The Orkney Islands Council values your comments and takes your complaints seriously. Our definition of a complaint is:
'An expression of dissatisfaction by one or more members of the public about the local authority's action or lack of action, or about the standard of service provided by or on behalf of the local authority.'
Orkney Islands Council has revised its complaints procedure under the guidance of the Scottish Public Services Ombudsman (SPSO). A standard approach to handling complaints has been promoted across local government, with the intention of helping Councils get it right first time.
The new procedure is designed to improve customer satisfaction by dealing with complaints as close as possible to the point of service delivery. This will allow the Council to deal with complaints quickly.
See 'Related Downloads' section of this page for the Complaints Procedure and Customer Guide.
If you are unhappy with the service you have received from the Council there are a number of ways in which you can make your concerns known:
We will always tell you who is dealing with your complaint.
Our complaints procedure has two stages:
We aim to resolve complaints quickly and close to where we provided the service. This could mean an on-the-spot apology and explanation if something has clearly gone wrong, and immediate action to resolve the problem.
We will give you our decision at Stage 1 in five working days or less, unless there are exceptional circumstances.
If we cannot resolve your complaint at this stage, we will explain why and tell you what you can do next. We might suggest that you take your complaint to Stage 2. You may choose to do this immediately or sometime after you get our initial decision.
Stage Two deals with two types of complaint: those that have not been resolved at Stage One and those that are complex and require detailed investigation.
When using Stage Two we will:
If our investigation will take longer than 20 working days, we will tell you. We will agree revised time limits with you and keep you updated on progress.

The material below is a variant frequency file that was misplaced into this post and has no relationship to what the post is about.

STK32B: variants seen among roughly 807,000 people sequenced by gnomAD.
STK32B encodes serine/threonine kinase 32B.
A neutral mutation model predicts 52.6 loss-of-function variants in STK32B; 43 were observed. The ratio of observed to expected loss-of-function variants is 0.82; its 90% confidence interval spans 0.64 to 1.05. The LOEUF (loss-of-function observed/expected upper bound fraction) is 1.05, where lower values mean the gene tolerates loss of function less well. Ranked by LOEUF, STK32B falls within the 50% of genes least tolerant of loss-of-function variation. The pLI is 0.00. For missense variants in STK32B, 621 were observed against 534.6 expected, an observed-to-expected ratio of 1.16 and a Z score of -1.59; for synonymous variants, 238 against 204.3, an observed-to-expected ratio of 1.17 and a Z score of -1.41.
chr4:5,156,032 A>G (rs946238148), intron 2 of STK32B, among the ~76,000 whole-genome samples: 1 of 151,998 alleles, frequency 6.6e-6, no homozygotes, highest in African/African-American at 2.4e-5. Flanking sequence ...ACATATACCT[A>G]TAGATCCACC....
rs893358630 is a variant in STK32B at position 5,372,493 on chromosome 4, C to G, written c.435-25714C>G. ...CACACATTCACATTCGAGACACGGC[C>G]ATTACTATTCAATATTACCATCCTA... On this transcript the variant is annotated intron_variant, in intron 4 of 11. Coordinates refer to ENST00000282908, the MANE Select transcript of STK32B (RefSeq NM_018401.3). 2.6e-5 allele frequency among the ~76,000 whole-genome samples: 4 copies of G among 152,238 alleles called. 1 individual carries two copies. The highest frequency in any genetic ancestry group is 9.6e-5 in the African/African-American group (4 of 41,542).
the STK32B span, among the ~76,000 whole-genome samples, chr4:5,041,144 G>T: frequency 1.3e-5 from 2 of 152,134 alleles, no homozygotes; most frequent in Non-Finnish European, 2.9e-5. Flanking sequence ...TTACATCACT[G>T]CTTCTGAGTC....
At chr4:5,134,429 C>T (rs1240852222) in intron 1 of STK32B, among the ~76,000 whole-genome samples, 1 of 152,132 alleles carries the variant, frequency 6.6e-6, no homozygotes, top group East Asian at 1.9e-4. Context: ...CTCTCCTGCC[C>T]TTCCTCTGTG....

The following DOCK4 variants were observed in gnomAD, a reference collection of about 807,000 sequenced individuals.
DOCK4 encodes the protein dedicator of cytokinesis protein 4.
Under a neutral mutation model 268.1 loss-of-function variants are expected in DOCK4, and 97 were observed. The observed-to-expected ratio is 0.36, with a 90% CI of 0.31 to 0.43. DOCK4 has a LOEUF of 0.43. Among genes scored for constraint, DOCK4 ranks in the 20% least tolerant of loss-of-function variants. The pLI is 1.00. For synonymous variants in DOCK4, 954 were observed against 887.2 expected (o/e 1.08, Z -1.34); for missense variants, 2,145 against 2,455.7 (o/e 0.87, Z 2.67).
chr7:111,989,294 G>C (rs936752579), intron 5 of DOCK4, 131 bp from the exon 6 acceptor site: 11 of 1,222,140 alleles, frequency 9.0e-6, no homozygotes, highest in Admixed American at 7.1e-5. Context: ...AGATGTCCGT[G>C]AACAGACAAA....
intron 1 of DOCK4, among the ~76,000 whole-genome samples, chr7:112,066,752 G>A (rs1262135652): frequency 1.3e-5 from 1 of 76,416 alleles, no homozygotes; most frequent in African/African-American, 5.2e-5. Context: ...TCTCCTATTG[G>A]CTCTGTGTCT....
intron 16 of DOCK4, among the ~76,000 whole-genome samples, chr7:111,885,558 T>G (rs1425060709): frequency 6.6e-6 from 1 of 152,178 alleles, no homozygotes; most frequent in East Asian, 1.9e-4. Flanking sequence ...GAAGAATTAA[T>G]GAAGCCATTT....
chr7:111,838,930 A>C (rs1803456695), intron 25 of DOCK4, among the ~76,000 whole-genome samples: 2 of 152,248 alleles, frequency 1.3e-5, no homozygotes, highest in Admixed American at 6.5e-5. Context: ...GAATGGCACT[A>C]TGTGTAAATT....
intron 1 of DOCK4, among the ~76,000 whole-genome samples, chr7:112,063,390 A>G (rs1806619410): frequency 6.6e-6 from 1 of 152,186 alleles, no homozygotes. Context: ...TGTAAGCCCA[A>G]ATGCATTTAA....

After we have fully investigated, if you are still dissatisfied with our decision or the way we dealt with your complaint, you can ask the Scottish Public Services Ombudsman (SPSO) to look at it.
The SPSO cannot normally look at:
The SPSO website is available from the 'Related Sites' section of this page.
The Chief Executive’s Service and each directorate has at least one nominated complaints officer. The complaints officers’ responsibilities include:
Nominated complaints officers for each Service:
Whatever way you contact the Council, you should explain as clearly as possible what you are complaining about, and what you think should happen to resolve the matter.
Some people may choose to make their complaint direct to their local Councillor or to the Council’s Chief Executive. It should be noted, however, that complaints made to Councillors and the Chief Executive are passed on by them to the relevant Complaints Officer to be dealt with.
We value all complaints. This means we treat all complaints including anonymous complaints seriously and will take action to consider them further, wherever this is appropriate. Generally, we will consider anonymous complaints if there is enough information in the complaint to enable us to make further enquiries. If, however, an anonymous complaint does not provide enough information to enable us to take further action, we may decide not to pursue it further. Any decision not to pursue an anonymous complaint must be authorised by the relevant Executive Director or Head of Service.
We understand that some people, for a variety of reasons, may find it very difficult to make a complaint. In such circumstances the Complaints Officer for the service involved will arrange assistance to help you make your complaint.
Alternatively you may wish to seek assistance from another agency, for example, the Citizens Advice Bureau or an advocacy service.
Complaints about senior staff can be difficult to handle, as there may be a conflict of interest for the staff investigating the complaint. When serious complaints are raised against senior staff, it is particularly important that the investigation is conducted by an individual who is independent of the situation. An officer at an equivalent or higher level in another service or local authority may be required to conduct the investigation.
This complaints procedure does not deal with complaints against Councillors. A complaint that a Councillor has breached the Councillors code of conduct should be made to the Public Standards Commissioner on their website available from the 'Related Sites' section of this page.
For complaints regarding social work and community care services (Orkney Health and Care) please use the 'Complaints, Compliments and Feedback - OHAC' link available from the 'Related Links' section of this page.